The midnight creep stemming from the ocean of oversaturation in music culture, the overabundance of music, and the real process of weeding through the mire; $UICIDEBOY$come in a full fledged assault. Leaving no disparity behind them, I WANT TO DIE IN NEW ORLEANS is the first album from $UICIDEBOY$ that has an entirely different tone. It feels professional and a step in the direction of being an album that surpasses the shock and horror of their earliest music. This is a more refined, less crude New Orleans hip-hop.
From their earliest moments of I WANT TO DIE IN NEW ORLEANS, the sunken vocals of Ruby, one half of the $UICIDEBOY$ came in a drawn fashion. “Yeah I was the wave but now I feel the tide pulling back… Now I’ve got everything I ever wanted but now I don’t want it” as the mesmerizing Morse styled instrumental works behind him. It is then the pairing that makes $crim, the other half of $UICIDEBOY$ form into the near heartbroken verse of “but lately I feel guilty, I feel so badly. They say I made it, and that should be satisfactory.” He then moves on to say “Lately I feel like I have nobody, all alone in the empty hotel lobby” as the instrumental loses the percussion and just clambers along with the smooth singing voice.
Instead of proceeding with caution, I WANT TO DIE IN NEW ORLEANS then takes a sudden nose dive into the fiery pits where the levees once broke. They explain their disdain for music corporation on “Phantom Menace” as Ruby screams “Fuck the rap industry; I’m down for the motherfucking count. All you fucking clowns, I could really do without.” This is where the aggression starts to ride in a full wave of pain with the following track “WAR TIME ALL THE TIME”, a personal favorite off I WANT TO DIE IN NEW ORLEANS.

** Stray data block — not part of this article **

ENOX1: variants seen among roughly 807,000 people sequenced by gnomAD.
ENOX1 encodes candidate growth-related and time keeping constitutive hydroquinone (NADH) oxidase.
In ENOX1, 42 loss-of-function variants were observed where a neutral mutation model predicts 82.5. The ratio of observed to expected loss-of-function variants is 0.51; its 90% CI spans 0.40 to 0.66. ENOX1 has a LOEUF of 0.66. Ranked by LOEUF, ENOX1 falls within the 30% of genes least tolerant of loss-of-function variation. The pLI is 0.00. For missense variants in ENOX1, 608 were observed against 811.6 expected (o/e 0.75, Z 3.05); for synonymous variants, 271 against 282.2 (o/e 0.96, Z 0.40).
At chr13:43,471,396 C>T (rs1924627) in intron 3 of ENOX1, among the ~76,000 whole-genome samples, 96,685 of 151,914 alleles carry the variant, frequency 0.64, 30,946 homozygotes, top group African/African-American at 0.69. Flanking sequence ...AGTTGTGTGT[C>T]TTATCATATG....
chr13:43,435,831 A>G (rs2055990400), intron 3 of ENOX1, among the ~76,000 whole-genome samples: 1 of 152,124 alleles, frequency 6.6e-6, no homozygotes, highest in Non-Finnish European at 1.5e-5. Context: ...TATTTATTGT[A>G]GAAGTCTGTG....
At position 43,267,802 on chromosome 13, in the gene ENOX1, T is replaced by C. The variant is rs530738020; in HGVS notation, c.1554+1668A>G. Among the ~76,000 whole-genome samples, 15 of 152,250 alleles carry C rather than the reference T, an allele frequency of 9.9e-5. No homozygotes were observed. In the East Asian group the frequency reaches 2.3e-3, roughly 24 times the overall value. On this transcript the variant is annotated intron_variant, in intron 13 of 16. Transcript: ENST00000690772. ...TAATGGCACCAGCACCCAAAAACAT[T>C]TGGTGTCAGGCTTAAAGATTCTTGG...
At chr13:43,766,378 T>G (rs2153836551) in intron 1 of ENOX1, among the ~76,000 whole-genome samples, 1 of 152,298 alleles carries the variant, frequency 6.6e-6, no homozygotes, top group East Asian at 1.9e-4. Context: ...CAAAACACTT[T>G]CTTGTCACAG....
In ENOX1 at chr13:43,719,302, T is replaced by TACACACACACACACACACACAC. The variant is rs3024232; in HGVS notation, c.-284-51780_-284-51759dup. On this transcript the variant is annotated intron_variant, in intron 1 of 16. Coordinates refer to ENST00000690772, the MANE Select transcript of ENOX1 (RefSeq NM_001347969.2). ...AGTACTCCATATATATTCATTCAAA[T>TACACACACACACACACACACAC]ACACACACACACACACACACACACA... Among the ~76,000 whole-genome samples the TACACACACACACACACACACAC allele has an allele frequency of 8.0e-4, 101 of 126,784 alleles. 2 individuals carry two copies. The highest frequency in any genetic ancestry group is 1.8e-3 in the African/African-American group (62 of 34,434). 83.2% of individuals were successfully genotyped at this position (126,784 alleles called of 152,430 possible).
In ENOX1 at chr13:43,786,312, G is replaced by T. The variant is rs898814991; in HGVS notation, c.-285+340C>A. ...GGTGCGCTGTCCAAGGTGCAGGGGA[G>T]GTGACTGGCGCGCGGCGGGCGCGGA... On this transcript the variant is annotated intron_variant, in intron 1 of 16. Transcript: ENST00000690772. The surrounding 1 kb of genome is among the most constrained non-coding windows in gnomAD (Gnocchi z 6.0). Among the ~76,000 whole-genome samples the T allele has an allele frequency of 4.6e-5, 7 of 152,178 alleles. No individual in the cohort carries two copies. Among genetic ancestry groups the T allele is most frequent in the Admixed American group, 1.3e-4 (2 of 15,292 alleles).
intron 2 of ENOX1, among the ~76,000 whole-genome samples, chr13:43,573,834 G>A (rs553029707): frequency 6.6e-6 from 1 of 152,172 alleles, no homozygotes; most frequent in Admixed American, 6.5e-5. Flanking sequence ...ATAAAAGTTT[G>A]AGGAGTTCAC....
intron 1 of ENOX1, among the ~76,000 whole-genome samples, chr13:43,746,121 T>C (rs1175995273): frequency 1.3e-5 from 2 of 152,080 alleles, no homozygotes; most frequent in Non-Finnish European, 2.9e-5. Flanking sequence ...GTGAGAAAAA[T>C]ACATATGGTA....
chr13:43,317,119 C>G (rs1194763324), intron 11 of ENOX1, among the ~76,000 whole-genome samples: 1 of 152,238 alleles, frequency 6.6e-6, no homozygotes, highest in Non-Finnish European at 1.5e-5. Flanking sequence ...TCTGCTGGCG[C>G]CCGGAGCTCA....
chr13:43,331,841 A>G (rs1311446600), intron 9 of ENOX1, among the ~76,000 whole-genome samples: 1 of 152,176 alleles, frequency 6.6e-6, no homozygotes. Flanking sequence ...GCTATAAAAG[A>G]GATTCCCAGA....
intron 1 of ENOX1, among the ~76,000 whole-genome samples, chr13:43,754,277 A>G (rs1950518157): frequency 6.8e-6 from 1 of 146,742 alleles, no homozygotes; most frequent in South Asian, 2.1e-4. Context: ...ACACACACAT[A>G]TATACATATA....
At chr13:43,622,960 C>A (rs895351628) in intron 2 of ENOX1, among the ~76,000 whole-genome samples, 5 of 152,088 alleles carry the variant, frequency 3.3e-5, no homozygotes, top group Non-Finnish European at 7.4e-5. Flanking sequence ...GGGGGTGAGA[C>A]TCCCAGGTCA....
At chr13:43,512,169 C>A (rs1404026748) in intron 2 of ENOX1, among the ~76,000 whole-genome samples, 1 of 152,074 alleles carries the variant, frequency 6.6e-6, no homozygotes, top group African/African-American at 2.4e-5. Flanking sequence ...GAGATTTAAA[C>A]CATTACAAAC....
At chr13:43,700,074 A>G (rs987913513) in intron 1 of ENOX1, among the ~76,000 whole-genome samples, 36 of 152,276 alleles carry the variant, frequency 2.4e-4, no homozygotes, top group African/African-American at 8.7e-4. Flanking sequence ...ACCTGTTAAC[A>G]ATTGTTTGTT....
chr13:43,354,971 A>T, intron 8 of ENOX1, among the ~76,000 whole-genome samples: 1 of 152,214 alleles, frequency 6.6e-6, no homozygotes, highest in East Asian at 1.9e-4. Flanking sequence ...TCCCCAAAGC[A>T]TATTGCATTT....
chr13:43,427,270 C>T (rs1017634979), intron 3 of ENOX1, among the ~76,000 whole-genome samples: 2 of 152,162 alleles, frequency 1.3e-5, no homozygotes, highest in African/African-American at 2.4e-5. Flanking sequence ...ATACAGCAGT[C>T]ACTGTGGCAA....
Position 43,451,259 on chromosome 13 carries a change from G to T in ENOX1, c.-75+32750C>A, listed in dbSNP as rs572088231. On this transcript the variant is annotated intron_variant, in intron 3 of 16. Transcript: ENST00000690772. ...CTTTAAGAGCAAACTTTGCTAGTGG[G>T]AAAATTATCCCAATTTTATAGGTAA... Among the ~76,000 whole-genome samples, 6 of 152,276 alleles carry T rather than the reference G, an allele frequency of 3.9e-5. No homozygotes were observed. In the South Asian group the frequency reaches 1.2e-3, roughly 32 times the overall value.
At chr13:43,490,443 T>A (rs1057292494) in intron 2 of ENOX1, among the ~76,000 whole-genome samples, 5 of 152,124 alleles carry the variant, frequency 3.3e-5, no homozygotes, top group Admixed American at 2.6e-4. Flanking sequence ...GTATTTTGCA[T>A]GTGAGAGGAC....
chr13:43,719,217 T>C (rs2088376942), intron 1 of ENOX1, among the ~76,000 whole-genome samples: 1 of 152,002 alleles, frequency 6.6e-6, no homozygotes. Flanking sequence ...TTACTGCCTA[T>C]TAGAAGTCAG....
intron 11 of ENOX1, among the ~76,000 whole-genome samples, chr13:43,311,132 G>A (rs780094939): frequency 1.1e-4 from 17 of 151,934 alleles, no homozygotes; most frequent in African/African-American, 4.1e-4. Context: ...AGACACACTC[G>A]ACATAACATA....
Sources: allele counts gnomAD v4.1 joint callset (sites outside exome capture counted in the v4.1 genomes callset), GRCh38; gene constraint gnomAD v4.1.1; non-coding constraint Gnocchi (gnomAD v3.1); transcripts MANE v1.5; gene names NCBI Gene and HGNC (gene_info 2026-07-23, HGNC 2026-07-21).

A carnival of terror opens the mosh pit as chopper gun rounds and lightning bomb flashes go off as $crim controls the microphone. “Dead bodies all around, hundred rounds out. Smell it in the air every time I’m fucking round town… Your chain snatched, I like the way it shines, when I’m back the black blood diamonds glisten and hear the victims yell” in a vulgar display of lyrical athleticism. He is an animal within the court as the pounding instrumental crowds the listener and traps them in this 808 cell that continuously punishes. But there is a salvation that comes within the final moments of I WANT TO DIE IN NEW ORLEANS.
With “I No Longer Fear The Razor Guarding My Hell (IV)”, a saga that was once displayed at the height of $UICIDEBOY$ obscurity, there is now the imprint left behind the massive footprints of hip-hop. They are the depression firing squad that works to deliver on one of the hardest hitting musical performances in the past. Now, they are a more professional and approachable group that works to form under the jaded lines of the industry. They have no masters and no real motives, but their music is a clear statement from one music lover to another.